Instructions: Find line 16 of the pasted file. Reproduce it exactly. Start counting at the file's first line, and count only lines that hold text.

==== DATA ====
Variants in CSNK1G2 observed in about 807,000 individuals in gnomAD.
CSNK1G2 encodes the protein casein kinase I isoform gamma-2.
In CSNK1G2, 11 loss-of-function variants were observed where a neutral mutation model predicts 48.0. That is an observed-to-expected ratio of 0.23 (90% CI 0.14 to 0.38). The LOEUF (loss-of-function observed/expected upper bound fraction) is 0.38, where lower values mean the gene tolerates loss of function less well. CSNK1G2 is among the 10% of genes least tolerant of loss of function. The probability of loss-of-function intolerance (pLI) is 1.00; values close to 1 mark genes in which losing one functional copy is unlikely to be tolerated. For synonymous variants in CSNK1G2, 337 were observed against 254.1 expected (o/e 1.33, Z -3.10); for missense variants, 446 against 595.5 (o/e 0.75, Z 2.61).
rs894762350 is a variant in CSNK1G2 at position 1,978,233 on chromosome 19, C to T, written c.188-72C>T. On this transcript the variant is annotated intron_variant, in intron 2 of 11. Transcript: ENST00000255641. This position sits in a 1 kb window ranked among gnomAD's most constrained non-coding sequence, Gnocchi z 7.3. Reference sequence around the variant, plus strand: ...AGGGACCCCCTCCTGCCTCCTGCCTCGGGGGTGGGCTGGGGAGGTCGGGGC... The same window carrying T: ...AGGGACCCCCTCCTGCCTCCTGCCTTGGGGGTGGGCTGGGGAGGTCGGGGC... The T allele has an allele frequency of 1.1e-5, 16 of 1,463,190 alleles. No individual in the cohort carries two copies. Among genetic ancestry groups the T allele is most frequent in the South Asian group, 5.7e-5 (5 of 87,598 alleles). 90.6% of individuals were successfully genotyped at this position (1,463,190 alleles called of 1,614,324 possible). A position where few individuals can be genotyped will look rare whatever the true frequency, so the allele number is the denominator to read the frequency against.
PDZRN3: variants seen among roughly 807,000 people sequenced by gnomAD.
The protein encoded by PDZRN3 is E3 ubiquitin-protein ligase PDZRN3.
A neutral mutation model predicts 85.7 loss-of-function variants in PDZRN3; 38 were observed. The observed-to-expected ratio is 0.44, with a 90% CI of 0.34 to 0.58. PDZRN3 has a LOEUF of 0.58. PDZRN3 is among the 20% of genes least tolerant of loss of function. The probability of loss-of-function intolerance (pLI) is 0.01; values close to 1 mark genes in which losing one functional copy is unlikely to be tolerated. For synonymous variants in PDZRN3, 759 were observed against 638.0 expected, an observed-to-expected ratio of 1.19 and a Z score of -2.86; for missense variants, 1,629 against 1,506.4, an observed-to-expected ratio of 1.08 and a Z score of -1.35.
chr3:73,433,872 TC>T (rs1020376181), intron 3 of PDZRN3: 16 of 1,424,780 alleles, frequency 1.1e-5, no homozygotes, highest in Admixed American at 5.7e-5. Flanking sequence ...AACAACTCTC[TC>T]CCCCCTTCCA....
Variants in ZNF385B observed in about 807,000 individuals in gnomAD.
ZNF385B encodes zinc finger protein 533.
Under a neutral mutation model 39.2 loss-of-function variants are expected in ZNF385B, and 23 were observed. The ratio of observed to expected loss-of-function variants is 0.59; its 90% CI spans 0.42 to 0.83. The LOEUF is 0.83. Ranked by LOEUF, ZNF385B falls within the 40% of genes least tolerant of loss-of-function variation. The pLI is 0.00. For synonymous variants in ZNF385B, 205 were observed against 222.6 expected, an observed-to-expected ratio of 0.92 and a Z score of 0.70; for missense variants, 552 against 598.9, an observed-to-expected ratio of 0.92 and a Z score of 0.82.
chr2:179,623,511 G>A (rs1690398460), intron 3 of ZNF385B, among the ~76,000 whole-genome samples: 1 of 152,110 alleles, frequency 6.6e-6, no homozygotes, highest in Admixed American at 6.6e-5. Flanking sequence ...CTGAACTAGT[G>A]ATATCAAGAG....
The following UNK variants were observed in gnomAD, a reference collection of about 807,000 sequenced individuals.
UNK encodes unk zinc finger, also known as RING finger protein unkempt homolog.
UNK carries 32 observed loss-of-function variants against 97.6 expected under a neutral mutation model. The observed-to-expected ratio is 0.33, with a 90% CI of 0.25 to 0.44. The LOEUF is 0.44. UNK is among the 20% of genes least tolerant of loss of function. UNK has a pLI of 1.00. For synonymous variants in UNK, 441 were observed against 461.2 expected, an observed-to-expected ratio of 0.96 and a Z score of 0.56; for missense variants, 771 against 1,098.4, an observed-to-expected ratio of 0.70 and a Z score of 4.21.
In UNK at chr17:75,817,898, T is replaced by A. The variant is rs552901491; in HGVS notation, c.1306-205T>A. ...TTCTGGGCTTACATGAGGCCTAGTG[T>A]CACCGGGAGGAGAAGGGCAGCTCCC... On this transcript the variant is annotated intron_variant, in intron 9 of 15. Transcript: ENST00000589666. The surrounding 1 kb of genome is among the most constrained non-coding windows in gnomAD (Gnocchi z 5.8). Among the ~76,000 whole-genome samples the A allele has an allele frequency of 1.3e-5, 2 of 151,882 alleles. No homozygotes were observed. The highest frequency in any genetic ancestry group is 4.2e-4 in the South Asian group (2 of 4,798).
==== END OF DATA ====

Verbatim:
In UNK at chr17:75,817,898, T is replaced by A. The variant is rs552901491; in HGVS notation, c.1306-205T>A. ...TTCTGGGCTTACATGAGGCCTAGTG[T>A]CACCGGGAGGAGAAGGGCAGCTCCC... On this transcript the variant is annotated intron_variant, in intron 9 of 15. Transcript: ENST00000589666. The surrounding 1 kb of genome is among the most constrained non-coding windows in gnomAD (Gnocchi z 5.8). Among the ~76,000 whole-genome samples the A allele has an allele frequency of 1.3e-5, 2 of 151,882 alleles. No homozygotes were observed. The highest frequency in any genetic ancestry group is 4.2e-4 in the South Asian group (2 of 4,798).